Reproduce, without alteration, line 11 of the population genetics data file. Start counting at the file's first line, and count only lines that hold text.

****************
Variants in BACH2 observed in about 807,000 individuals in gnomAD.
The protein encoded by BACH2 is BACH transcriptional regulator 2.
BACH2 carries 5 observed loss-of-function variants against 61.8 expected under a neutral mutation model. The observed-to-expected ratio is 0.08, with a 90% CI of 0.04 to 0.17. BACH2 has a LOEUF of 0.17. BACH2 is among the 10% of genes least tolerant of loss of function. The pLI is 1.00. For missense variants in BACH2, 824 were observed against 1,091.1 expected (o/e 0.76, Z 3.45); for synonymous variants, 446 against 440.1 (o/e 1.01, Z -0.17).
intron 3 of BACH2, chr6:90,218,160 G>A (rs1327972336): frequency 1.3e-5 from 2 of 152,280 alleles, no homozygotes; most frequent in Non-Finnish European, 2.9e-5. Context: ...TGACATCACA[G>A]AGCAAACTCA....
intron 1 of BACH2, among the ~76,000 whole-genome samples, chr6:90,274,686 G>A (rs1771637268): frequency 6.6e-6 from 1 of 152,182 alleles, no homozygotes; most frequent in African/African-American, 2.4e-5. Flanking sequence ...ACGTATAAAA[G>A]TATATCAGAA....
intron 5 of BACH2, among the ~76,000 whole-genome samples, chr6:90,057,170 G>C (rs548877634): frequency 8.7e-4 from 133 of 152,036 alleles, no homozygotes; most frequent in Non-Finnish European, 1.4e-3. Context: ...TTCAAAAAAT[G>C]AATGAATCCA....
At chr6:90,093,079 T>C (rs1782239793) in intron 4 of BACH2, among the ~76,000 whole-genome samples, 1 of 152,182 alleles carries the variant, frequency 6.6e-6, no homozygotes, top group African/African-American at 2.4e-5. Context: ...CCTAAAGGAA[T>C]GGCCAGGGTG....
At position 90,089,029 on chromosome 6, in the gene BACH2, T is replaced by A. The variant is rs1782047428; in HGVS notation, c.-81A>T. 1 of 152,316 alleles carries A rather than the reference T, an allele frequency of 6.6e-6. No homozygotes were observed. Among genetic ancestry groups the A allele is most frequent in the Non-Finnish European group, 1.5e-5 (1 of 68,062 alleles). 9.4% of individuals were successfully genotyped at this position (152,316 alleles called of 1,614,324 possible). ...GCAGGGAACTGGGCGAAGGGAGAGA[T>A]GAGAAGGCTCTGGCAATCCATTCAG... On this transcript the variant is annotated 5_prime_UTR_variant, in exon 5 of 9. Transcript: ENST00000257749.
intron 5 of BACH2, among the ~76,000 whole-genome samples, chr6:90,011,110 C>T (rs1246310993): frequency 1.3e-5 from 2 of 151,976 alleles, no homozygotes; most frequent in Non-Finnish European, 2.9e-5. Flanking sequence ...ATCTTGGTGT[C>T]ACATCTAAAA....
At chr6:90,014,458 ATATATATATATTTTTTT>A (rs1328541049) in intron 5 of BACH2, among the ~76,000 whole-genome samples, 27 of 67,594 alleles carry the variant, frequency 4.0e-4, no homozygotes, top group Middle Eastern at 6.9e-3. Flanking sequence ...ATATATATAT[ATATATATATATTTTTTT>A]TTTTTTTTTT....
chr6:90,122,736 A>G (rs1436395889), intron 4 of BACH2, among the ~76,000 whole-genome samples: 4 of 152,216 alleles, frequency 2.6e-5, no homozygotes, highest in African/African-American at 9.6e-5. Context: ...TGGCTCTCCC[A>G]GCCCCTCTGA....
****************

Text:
chr6:90,122,736 A>G (rs1436395889), intron 4 of BACH2, among the ~76,000 whole-genome samples: 4 of 152,216 alleles, frequency 2.6e-5, no homozygotes, highest in African/African-American at 9.6e-5. Context: ...TGGCTCTCCC[A>G]GCCCCTCTGA....